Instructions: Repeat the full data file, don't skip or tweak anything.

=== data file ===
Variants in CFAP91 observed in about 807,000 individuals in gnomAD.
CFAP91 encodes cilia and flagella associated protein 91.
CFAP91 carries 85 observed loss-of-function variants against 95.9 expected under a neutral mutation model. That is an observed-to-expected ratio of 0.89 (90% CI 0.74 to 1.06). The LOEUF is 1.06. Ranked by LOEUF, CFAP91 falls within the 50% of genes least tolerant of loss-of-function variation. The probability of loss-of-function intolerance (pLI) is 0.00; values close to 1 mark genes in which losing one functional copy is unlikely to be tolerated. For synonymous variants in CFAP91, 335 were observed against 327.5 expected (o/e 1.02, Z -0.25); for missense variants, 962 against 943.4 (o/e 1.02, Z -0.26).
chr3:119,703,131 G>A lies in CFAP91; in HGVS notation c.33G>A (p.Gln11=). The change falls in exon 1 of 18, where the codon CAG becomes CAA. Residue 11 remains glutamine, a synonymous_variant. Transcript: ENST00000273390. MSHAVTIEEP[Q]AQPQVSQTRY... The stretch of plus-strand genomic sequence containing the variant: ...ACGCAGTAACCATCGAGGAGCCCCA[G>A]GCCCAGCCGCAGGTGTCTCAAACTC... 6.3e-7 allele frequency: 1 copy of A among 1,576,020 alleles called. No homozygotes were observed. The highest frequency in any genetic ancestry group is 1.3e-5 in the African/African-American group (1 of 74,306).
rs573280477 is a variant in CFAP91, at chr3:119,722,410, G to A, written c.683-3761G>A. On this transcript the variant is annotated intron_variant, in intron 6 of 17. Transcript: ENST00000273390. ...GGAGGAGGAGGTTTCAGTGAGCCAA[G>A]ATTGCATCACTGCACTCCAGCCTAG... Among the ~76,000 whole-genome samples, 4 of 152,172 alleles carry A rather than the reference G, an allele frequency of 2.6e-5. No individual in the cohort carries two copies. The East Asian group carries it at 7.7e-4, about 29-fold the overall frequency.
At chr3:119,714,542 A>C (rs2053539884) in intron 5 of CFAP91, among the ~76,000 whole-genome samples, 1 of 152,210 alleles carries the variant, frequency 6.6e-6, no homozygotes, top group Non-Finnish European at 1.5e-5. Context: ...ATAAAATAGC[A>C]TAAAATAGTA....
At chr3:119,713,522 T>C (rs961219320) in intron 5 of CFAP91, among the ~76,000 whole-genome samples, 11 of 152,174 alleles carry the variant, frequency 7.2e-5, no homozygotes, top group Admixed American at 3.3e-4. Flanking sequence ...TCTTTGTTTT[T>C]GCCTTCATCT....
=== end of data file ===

Variants in CFAP91 observed in about 807,000 individuals in gnomAD.
CFAP91 encodes cilia and flagella associated protein 91.
CFAP91 carries 85 observed loss-of-function variants against 95.9 expected under a neutral mutation model. That is an observed-to-expected ratio of 0.89 (90% CI 0.74 to 1.06). The LOEUF is 1.06. Ranked by LOEUF, CFAP91 falls within the 50% of genes least tolerant of loss-of-function variation. The probability of loss-of-function intolerance (pLI) is 0.00; values close to 1 mark genes in which losing one functional copy is unlikely to be tolerated. For synonymous variants in CFAP91, 335 were observed against 327.5 expected (o/e 1.02, Z -0.25); for missense variants, 962 against 943.4 (o/e 1.02, Z -0.26).
chr3:119,703,131 G>A lies in CFAP91; in HGVS notation c.33G>A (p.Gln11=). The change falls in exon 1 of 18, where the codon CAG becomes CAA. Residue 11 remains glutamine, a synonymous_variant. Transcript: ENST00000273390. MSHAVTIEEP[Q]AQPQVSQTRY... The stretch of plus-strand genomic sequence containing the variant: ...ACGCAGTAACCATCGAGGAGCCCCA[G>A]GCCCAGCCGCAGGTGTCTCAAACTC... 6.3e-7 allele frequency: 1 copy of A among 1,576,020 alleles called. No homozygotes were observed. The highest frequency in any genetic ancestry group is 1.3e-5 in the African/African-American group (1 of 74,306).
rs573280477 is a variant in CFAP91, at chr3:119,722,410, G to A, written c.683-3761G>A. On this transcript the variant is annotated intron_variant, in intron 6 of 17. Transcript: ENST00000273390. ...GGAGGAGGAGGTTTCAGTGAGCCAA[G>A]ATTGCATCACTGCACTCCAGCCTAG... Among the ~76,000 whole-genome samples, 4 of 152,172 alleles carry A rather than the reference G, an allele frequency of 2.6e-5. No individual in the cohort carries two copies. The East Asian group carries it at 7.7e-4, about 29-fold the overall frequency.
At chr3:119,714,542 A>C (rs2053539884) in intron 5 of CFAP91, among the ~76,000 whole-genome samples, 1 of 152,210 alleles carries the variant, frequency 6.6e-6, no homozygotes, top group Non-Finnish European at 1.5e-5. Context: ...ATAAAATAGC[A>C]TAAAATAGTA....
At chr3:119,713,522 T>C (rs961219320) in intron 5 of CFAP91, among the ~76,000 whole-genome samples, 11 of 152,174 alleles carry the variant, frequency 7.2e-5, no homozygotes, top group Admixed American at 3.3e-4. Flanking sequence ...TCTTTGTTTT[T>C]GCCTTCATCT....